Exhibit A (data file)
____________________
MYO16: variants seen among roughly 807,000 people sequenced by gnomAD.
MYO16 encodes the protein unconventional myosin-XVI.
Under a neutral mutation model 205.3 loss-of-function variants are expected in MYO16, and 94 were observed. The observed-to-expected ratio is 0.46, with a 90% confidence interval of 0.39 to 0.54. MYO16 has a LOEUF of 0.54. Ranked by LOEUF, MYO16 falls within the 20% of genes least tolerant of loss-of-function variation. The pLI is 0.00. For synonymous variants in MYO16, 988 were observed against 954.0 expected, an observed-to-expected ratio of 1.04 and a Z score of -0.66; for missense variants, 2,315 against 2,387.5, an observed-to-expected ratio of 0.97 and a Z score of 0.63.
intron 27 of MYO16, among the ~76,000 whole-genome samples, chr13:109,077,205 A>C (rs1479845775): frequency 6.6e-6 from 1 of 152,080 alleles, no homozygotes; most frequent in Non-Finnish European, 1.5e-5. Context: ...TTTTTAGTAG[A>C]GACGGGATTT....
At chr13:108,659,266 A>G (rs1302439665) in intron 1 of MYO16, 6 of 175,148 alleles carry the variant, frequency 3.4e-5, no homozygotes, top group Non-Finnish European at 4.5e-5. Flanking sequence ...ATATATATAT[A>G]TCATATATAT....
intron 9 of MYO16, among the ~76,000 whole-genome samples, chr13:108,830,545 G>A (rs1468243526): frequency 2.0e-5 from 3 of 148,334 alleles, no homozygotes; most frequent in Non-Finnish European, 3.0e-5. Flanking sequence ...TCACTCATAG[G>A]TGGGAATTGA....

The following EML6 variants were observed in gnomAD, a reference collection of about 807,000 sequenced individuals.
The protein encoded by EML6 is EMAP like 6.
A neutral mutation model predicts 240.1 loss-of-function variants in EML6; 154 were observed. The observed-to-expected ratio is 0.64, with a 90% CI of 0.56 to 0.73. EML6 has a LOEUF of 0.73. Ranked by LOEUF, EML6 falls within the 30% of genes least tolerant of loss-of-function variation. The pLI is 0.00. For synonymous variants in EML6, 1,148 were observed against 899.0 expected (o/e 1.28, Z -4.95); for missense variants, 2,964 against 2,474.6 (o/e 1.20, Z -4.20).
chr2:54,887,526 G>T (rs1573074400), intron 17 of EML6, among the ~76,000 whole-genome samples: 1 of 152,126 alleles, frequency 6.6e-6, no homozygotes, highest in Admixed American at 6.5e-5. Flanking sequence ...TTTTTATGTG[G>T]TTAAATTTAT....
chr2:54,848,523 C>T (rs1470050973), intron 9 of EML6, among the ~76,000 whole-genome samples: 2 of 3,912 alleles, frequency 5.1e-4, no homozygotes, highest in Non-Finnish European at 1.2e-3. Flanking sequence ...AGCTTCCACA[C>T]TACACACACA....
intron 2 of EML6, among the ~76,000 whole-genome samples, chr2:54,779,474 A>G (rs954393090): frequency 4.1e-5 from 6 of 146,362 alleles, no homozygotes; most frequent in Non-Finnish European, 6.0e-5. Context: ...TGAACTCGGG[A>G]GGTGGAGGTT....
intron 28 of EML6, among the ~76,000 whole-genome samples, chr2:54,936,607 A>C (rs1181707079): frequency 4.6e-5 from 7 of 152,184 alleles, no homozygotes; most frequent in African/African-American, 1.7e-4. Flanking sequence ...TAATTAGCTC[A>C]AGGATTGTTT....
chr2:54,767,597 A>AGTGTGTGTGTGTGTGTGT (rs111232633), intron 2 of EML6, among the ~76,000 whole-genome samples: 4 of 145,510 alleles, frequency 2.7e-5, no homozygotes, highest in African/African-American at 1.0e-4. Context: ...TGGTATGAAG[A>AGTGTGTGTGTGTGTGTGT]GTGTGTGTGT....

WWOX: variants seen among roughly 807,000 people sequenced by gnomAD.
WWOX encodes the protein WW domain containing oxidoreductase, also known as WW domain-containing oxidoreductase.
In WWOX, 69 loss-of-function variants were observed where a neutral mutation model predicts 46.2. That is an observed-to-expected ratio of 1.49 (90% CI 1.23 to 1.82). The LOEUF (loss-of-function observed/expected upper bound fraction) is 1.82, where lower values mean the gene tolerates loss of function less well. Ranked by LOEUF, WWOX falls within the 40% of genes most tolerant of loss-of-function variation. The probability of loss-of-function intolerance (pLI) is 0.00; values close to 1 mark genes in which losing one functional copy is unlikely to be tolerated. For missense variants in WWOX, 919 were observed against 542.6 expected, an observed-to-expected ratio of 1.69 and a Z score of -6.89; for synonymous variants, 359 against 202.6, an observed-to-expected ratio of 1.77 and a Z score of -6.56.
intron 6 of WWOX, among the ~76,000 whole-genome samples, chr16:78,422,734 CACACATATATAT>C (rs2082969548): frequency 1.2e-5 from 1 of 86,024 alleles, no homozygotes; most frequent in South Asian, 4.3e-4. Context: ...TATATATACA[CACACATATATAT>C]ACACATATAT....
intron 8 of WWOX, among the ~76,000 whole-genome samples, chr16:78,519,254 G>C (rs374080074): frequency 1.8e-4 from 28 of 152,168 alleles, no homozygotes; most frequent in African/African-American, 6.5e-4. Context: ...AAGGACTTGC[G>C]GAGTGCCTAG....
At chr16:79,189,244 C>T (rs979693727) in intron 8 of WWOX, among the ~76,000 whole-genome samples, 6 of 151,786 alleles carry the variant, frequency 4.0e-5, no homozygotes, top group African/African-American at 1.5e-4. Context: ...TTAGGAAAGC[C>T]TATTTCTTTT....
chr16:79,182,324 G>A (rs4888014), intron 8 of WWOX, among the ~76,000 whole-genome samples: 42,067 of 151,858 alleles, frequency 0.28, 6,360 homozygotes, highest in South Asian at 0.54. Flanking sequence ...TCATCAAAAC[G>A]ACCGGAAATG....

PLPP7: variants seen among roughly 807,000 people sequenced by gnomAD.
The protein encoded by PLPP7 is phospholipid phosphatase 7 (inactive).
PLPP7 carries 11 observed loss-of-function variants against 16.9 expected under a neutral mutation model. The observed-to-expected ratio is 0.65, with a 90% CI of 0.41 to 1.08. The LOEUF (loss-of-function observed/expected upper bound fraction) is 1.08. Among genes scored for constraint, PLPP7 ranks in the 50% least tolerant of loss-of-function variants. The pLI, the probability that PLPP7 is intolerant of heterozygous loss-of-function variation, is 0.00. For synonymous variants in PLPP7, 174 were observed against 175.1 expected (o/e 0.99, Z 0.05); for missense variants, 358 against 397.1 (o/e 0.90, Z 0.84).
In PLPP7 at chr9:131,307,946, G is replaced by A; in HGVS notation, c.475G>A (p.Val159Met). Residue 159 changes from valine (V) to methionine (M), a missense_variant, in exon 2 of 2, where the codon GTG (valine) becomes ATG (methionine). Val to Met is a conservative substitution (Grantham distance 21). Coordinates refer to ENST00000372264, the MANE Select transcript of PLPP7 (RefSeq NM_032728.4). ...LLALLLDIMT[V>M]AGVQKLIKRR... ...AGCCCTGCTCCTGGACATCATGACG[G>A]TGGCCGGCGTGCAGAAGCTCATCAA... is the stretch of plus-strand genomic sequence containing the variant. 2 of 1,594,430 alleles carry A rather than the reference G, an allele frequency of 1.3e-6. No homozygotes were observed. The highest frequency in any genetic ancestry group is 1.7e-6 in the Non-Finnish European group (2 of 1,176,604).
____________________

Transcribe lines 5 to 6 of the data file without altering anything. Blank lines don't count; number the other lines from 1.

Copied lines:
At chr13:108,659,266 A>G (rs1302439665) in intron 1 of MYO16, 6 of 175,148 alleles carry the variant, frequency 3.4e-5, no homozygotes, top group Non-Finnish European at 4.5e-5. Flanking sequence ...ATATATATAT[A>G]TCATATATAT....
intron 9 of MYO16, among the ~76,000 whole-genome samples, chr13:108,830,545 G>A (rs1468243526): frequency 2.0e-5 from 3 of 148,334 alleles, no homozygotes; most frequent in Non-Finnish European, 3.0e-5. Flanking sequence ...TCACTCATAG[G>A]TGGGAATTGA....